AUGUSTA — The Appropriations Committee made substantial progress late Wednesday night, restoring cuts to health insurance for low-income parents and childless adults and authorizing money for a new school for at-risk students in central Maine.

The committee adjourned around 1 a.m. today and will continue work on items such as funding for the Maine Public Broadcasting Network and other outstanding issues throughout the day.

The committee voted last night on merit pay and longevity for state workers. The longevity pay, which rewards workers for long-time services, will continue for those currently receiving it, but will be frozen for all others, said House Committee Chairman Patrick Flood, R-Winthrop. Merit pay will be frozen for two years.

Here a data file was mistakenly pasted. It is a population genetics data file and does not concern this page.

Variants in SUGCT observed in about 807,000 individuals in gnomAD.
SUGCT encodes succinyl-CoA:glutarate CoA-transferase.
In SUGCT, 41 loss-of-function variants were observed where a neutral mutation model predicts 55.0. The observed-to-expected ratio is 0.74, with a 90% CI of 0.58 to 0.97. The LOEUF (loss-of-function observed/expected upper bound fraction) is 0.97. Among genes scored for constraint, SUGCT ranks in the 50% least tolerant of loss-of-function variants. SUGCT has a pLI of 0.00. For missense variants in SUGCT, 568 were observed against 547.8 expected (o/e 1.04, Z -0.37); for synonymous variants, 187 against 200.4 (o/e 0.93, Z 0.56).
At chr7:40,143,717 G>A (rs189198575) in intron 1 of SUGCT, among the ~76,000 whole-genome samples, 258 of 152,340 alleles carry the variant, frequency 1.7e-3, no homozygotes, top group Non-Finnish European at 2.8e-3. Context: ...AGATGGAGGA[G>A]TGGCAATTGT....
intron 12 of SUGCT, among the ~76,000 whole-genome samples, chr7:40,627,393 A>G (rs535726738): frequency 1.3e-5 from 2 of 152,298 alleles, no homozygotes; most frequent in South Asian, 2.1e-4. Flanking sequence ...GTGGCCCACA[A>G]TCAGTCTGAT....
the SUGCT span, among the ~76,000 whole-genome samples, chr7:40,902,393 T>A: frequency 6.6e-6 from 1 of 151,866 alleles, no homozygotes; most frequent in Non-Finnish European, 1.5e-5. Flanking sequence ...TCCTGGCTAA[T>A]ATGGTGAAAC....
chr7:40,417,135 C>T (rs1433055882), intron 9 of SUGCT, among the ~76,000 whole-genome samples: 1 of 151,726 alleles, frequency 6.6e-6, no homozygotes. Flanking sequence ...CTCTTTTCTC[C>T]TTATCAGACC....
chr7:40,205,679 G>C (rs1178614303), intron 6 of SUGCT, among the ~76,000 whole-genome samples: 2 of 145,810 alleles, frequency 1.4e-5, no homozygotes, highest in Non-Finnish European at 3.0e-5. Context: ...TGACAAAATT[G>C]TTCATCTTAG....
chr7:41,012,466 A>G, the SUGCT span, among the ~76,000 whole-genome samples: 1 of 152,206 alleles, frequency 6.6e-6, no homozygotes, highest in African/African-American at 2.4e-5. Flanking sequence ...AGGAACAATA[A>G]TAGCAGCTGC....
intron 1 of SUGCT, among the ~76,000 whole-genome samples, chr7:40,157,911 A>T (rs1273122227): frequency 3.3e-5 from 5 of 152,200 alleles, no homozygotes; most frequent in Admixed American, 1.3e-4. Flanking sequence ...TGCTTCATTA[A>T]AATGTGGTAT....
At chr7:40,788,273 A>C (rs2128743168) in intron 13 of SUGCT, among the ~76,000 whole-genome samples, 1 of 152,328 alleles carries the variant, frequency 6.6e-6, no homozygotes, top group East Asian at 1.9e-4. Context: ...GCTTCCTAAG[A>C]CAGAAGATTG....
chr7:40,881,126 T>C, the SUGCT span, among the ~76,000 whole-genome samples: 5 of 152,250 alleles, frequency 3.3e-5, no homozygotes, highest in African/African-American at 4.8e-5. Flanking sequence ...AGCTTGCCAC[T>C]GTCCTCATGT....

Goodwill-Hinckley will receive $860,000 over the two-year period for a new Center of Excellence for At-Risk Students.

Sen. Richard Rosen, R-Bucksport, offered up an amendment that would use money from Dirigo Health to cover health insurance for parents who make between 133 and 200 percent of the federal poverty level. Rosen said as the country moves toward national health care in 2014, it made sense to try to find a bridge to coverage for these parents in Maine who are currently receiving health care through Medicaid.

Democrats voted out a proposal to eliminate health care for childless adults, which gained bipartisan support.

The committee also voted to transfer $10 million to the Department of Transportation over the two-year period.

Toward the end of the meeting, Rep. John Martin, D-Eagle Lake, asked to vote on a proposed $2 million-a-year cut to MPBN. Rosen said he was not yet ready to take a vote because there were several other pending issues.